Saturday, August 10, 2019

Museum Exhibit: Virgil Abloh "Figures of Speech"

Before I left for Europe for the summer, I took in an exhibit at the Museum of Contemporary Art which I've been thinking about how to write about for almost two months.  The exhibit was a retrospective of Virgil Abloh called "Figures Of Speech."

Abloh is an artist, designer, engineer, and architect, who, while pursuing his masters degree in architecture at the Illinois Institute of Technology, managed to hook up with Kanye West, and become the creative director of his creative team, working on album covers, concert designs, and merchandising.  He parlayed that work to create his own fashion brand Off-White, and recently became the artistic director of Louis Vuitton's menswear collection.

I was really struck by a couple of the pieces, including "You're Obviously In The Wrong Place" which quotes Pretty Woman with George Segal style sculptures in white that manages to be funny and meaningful on a number of levels, accessing racial discrimination, class discrimination, and impostor syndrome all at once. I loved it.

Another piece I really loved was the Figures of Speech mural, which incorporates a whole lot of imagery and signs and signals.  I did a video flyby of it, but it really deserves looking at and studying.

And a third piece I loved was the Black Cotton Logo.  With a simple inversion, Abloh manages to elegantly make a statement about consumerism, racism, history, and branding.  It's this kind of elegant and sardonic minimalism where I think Abloh is at his best.

There were lots of other pieces that I was not enamored of, but I'm not going to focus on them.

Abloh is an interesting character-- in 2002 he was a student, in 2006 a graduate student and in 2009 he was an intern at Fendi, and by 2019 he is a ruler of the universe.  One of Abloh's mandates in his work is "Question everything."  So here are my questions.  How did he rise so fast?  What is it about his work that is so fantastic that in 10 years he can rise to the literal top?  And could the next Virgil Abloh be a white female septugenarian?

I'm not exactly sure, but after listening to him talk at the opening of the exhibit (which runs through September 22 in Chicago, before going on to Atlanta (Nov 9-2019 to March 8, 2020), Boston (July-September 2020) and Brooklyn (Winter 2020 to Spring 2021) I'd say it's a combination of a few things.

Articulate  Abloh is a good talker.  He's got a lot of ideas and he likes to talk about them.  It was a little frustrating, someone asked him a straight forward question at the opening (about the difference between appropriating, stealing, and quoting) , and he preceded to talk for ten minutes, say all kinds of interesting stuff, and never answer the question.  He didn't even directly talk about the question, he just followed his own thoughts.  This is a guy whose trademark image is a quotation mark.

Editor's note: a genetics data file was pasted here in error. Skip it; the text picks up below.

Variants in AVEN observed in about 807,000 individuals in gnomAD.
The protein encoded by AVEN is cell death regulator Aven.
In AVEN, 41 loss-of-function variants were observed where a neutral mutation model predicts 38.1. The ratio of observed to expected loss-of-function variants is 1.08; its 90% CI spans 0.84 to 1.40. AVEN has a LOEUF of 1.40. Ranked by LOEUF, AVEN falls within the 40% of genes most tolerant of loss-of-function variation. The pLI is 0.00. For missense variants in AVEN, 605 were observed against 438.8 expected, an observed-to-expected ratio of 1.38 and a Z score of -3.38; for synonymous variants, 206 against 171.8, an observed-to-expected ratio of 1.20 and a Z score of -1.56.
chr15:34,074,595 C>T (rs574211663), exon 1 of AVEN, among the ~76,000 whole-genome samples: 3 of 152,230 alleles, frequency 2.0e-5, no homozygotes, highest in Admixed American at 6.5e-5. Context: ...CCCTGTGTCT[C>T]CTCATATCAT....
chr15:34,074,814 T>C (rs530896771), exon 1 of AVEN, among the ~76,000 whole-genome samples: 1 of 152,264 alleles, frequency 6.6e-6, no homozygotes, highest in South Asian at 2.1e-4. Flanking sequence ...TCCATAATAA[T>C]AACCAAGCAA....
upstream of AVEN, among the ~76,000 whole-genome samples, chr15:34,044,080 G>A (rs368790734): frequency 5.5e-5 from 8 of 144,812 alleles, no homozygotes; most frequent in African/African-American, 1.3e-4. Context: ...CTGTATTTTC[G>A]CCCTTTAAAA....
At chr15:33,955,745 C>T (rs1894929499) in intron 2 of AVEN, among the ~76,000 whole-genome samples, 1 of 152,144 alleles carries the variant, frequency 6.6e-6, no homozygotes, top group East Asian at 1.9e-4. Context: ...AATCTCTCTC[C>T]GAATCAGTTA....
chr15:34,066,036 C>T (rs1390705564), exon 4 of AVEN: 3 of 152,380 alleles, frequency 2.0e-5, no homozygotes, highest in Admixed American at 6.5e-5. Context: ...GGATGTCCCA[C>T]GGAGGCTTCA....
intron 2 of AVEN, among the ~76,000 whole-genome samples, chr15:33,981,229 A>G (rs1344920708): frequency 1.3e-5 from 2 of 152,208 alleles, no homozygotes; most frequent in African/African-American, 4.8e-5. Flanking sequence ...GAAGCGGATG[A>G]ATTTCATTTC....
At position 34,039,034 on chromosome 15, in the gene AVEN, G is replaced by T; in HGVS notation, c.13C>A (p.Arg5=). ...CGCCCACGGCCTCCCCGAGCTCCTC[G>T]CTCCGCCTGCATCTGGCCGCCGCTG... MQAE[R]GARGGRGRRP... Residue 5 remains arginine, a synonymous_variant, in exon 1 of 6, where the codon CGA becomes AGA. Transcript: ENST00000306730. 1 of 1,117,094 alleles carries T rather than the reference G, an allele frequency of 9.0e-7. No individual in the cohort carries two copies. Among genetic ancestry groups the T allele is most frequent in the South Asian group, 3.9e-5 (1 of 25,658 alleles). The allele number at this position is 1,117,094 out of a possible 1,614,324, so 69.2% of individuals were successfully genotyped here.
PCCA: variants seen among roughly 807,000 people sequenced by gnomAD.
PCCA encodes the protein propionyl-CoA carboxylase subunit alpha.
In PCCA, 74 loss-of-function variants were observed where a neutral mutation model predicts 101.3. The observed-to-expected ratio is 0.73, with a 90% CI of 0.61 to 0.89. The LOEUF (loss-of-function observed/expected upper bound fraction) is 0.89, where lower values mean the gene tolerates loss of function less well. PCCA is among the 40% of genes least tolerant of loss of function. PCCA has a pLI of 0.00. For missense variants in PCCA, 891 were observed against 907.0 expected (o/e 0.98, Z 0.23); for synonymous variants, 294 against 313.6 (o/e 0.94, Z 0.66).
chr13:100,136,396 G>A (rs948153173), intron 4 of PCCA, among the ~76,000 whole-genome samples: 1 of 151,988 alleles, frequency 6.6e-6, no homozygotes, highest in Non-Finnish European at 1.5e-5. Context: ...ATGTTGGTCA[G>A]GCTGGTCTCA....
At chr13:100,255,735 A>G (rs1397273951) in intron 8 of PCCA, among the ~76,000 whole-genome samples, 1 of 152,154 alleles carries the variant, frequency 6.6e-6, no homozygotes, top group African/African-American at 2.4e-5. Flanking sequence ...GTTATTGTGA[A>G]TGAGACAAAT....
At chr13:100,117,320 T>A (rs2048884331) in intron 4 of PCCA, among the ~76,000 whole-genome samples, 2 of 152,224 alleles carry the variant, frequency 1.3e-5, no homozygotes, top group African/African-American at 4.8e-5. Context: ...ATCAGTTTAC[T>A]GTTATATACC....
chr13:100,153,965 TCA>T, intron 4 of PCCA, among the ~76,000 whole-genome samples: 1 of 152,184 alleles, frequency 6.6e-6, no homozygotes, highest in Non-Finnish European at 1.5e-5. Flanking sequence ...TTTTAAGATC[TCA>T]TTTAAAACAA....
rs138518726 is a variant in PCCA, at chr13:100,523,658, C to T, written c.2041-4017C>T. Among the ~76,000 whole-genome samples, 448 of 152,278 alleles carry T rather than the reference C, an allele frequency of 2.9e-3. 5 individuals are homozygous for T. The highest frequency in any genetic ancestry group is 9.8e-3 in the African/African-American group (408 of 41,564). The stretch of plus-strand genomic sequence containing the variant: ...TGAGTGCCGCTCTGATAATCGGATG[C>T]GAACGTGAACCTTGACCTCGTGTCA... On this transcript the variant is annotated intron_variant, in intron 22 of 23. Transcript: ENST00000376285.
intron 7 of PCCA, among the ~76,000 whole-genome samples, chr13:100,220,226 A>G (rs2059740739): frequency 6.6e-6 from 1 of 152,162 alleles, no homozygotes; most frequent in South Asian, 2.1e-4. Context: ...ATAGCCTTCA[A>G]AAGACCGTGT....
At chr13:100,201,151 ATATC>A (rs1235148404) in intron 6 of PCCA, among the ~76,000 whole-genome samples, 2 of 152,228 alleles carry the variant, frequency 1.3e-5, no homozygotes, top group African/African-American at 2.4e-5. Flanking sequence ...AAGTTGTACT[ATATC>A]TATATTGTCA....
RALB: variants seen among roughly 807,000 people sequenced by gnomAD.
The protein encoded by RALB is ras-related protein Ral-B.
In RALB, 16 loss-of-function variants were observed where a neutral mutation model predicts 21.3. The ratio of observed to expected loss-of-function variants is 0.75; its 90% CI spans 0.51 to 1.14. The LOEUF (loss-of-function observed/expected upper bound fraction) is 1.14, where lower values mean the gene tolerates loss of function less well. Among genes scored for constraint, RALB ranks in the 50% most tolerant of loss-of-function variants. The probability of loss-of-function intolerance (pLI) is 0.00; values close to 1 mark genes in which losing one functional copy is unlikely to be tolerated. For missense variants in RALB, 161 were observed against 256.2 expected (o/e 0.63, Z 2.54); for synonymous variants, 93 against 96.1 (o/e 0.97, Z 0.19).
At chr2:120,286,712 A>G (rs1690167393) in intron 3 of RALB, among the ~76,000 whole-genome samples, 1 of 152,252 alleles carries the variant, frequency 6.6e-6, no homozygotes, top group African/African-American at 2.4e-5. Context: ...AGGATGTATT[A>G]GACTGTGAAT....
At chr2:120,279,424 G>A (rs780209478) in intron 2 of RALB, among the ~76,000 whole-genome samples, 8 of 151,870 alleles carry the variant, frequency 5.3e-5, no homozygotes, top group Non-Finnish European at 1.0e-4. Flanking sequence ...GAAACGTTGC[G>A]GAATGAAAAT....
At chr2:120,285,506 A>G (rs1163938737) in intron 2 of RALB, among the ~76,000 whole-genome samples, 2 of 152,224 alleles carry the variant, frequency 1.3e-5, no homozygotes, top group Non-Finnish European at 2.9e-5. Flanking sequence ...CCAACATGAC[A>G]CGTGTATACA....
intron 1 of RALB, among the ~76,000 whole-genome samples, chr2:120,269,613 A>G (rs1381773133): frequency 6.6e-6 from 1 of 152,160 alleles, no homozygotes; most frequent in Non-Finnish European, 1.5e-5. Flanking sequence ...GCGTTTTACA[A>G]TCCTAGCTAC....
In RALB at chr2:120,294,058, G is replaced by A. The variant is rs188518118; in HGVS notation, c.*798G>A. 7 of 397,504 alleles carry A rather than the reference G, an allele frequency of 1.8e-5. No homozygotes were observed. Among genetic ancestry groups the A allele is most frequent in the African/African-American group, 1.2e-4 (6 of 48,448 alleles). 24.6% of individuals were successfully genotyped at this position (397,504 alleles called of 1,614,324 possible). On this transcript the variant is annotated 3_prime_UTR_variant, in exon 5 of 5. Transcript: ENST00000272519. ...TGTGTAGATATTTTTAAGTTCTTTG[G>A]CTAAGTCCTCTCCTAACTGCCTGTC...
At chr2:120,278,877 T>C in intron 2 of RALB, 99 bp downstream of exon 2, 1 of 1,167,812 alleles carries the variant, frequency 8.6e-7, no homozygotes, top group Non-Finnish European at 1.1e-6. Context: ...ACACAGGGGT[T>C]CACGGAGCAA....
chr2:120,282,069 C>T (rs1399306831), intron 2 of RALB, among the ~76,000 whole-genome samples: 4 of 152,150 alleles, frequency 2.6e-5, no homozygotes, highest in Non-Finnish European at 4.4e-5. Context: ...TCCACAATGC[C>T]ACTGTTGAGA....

Actuator.  After looking through the entire exhibit, I think that Abloh is an actuator.  He takes his ideas and puts them on canvas/fabric/sculpture/whatever.  (He's come out with furniture, music, clothing, and a whole lot of other stuff.  It makes sense now when he has the money to make things happen, but I got the feeling from looking at his work that he was making stuff constantly, even if it wasn't very good.  He puts out his ideas concretely, even if they aren't fully formed or fully functional.  He lays it out there.

His Master's thesis project.  He redid it for this exhibition.
Iteration  The second part of that is that Abloh seems able to move on from one piece or idea and into another fairly effortlessly.  He has no problem releasing 10 or 15 different versions of something as he strives for what works (both aesthetically and in the marketplace)

Collaboration  Abloh enlists lots of other artists into his works and is able to use their contributions to fuel his own ideas and then take off even further.  He's worked with some powerhouses, including Kanye, Jenny Holzer, and Arthur Jafa, and has been inspired by diverse influences including the movies Black Panther, Pretty Woman and architect Mies van der Rohe.

Merchandising  Abloh seems to be a master merchandiser.  He's really great at putting price tags on things and getting people to buy them.  It's not so much a zeitgeist thing (I think) but a "knowing how to be the cool kid" thing.  Anyway you slice it, he knows what sells, and he seems to do a great job selling.  (By the way, that's the third artist who is a commercial success that I've seen have an exhibit at MCA- Virgil Abloh, David Bowie, and Takashi Murakami. Food for thought.)

These 5 elements seem to be at the heart of his work, and so I think the answer to my question lies somewhere in the middle here.

But whoever the next Virgil Abloh is, I'm going to guess that they will exhibit some or all of those traits above.

You can find out more about the MCA exhibit Figures of Speech at their website:   Timed tickets are being sold for this exhibition, which also allows you access to all of the other museum exhibits.  And the Museum has a particularly strong slate of events around the Abloh exhibit, including talks with the artist, performances, student opportunities, and more.  Click the link above to find out more.

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